The word deconstruction has entered the lexicon. It can mean anything from dissection or exposure to the use of a wrecking ball. "Laws governing how people deconstruct their marriages differ from state to state," Time reports, as if the 50-cent word made the sentence less trite. Sportswriters admit they spend too much energy "deconstructing" Johnny Football. Susan Sontag is said to have "deconstructed cancer." David Mamet observes a man in a Japanese restaurant "deconstructing his California roll to eat it."
Other recent objects of deconstruction—I keep a file—include Sousa's marches, the tuxedo, the building at 130 Liberty Street in lower Manhattan, the causes of the Great Recession of 2008, "Romeo and Juliet," the boxer Miguel Cotto in his bout with Manny Pacquiao, oyster stuffing, joblessness, New York City's mayoral ballot, and the "whole world." In line with the thinking of actual deconstructionists, the word "deconstruction" has wandered far from its ostensible meaning: the esoteric nexus of French theories that was all the rage in American universities in the 1970s and '80s.
Language, the argument went, has a mind of its own, subverting the intentions of those who speak or write it. Between the word and its meaning falls an ever-lengthening shadow. Every text reduces itself to the same ultimate indeterminacy, and all the world can be treated as a self-referring text. Jacques Derrida, deconstruction's inventive papa, who shuttled often between Paris and the United States, propounded the concept of "différance," according to which the sense of any term is never present but is constantly deferred. "There are only, everywhere, differences and traces of differences," Derrida wrote. There is nothing to keep in check "the infinite play of signification" that marks language in action.
Deconstruction as an academic movement, first in literary criticism but later in other fields, was more than a fad. Inasmuch as it provided a rationale for the busting of canons, the debunking of authority and the rejection of the concept of meaning, deconstruction laid the groundwork for the crisis in the humanities that we face today. English majors, for instance, were once wooed by the prospect of studying life-changing books. Surging to the fore, proponents of deconstruction and related theories wanted everyone to "problematize the text." English is no longer quite so popular a course of study.
The movement found its American champion in Paul de Man (1919-83) of the Yale University English department, at one time considered the nation’s best. De Man’s essays—austere, tightly argued and rigorously skeptical—were a rite of passage for a generation of graduate students. His students revered him. But he was, it turns out, a fraud, a small-time crook, an Ivy League con man in tweed and, before all this, a Nazi collaborationist. Evelyn Barish’s “The Double Life of Paul de Man” is the first full-length biography of its subject, although outlines of his story have been known for two decades.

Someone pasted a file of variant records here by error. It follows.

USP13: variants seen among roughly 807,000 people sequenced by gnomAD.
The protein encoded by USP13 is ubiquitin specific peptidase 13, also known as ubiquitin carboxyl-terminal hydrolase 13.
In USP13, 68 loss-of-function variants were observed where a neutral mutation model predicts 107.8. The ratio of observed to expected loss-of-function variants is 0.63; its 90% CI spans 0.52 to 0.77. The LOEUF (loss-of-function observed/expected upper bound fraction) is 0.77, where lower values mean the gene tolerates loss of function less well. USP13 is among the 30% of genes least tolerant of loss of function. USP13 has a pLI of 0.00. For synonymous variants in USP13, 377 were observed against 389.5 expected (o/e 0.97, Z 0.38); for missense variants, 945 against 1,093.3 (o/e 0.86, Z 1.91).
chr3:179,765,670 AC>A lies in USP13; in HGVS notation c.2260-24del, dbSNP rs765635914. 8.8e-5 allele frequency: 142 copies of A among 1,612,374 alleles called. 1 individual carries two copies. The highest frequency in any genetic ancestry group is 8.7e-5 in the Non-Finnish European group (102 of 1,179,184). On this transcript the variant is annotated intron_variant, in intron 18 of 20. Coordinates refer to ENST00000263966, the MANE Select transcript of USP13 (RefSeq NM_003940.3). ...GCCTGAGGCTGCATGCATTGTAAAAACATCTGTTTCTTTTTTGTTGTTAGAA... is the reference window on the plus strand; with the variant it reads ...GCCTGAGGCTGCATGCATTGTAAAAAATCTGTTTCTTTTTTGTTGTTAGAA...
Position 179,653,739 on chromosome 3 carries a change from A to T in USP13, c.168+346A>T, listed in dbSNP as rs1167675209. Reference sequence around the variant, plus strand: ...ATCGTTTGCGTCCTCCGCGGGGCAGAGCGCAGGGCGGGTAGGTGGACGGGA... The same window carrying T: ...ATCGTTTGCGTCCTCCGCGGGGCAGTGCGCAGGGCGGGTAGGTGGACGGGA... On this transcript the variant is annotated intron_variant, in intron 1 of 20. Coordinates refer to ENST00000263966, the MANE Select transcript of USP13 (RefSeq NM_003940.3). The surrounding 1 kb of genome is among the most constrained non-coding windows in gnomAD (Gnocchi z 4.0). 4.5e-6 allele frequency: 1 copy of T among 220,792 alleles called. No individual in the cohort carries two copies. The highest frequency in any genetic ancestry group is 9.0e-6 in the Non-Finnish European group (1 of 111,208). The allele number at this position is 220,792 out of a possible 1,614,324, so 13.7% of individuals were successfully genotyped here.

The Belgian-born professor’s death in 1983 caused great mourning. Barbara Johnson, an apostle who spread the creed to Harvard, said, “In a profession full of fakeness, he was real.” Then came the discovery by a Belgian graduate student that de Man had written pro-Nazi and anti-Semitic articles for Belgium’s newspaper of record, Le Soir, during the occupation. In 1940 and ’41, de Man had written in praise of Hitlerism and opined that deportations of the Jews would entail little anguish or grief for European civilization.
De Man never talked about his days as a Nazi apologist—except to misrepresent himself, when it suited him, as a man of the left, a veteran of the Popular Front. But his critical work rests on the proposition that such rhetorical modes as confession or apology are terminally unreliable. When faculty lounges were abuzz with de Man’s doings in Brussels in World War II, such aspects of de Man’s thinking began to seem self-serving.
One article of the scores that Paul de Man wrote for the collaborationist press received the closest scrutiny when the story broke in 1988. “The Jews in Contemporary Literature,” which ran on March 4, 1941, minimized the value of “the Jews” as writers or thinkers. They “have always remained in the second rank.” They are not “among the most important figures.” The act of expelling the Jews would not have “regrettable consequences.” You would lose at most “some personalities of mediocre worth.” Critics of deconstruction cried “aha!” Fans rushed out to excuse the fallen idol.
Derrida wrote a lengthy essay using deconstructive methods in a vain effort to prove that de Man, his ally and friend, meant the opposite of what he wrote. Yet the disclosures of de Man’s wartime activities raised doubts about his views on language and literature. Those views had long been held suspect by humanists who believe that texts have meanings, albeit complicated and ambiguous ones.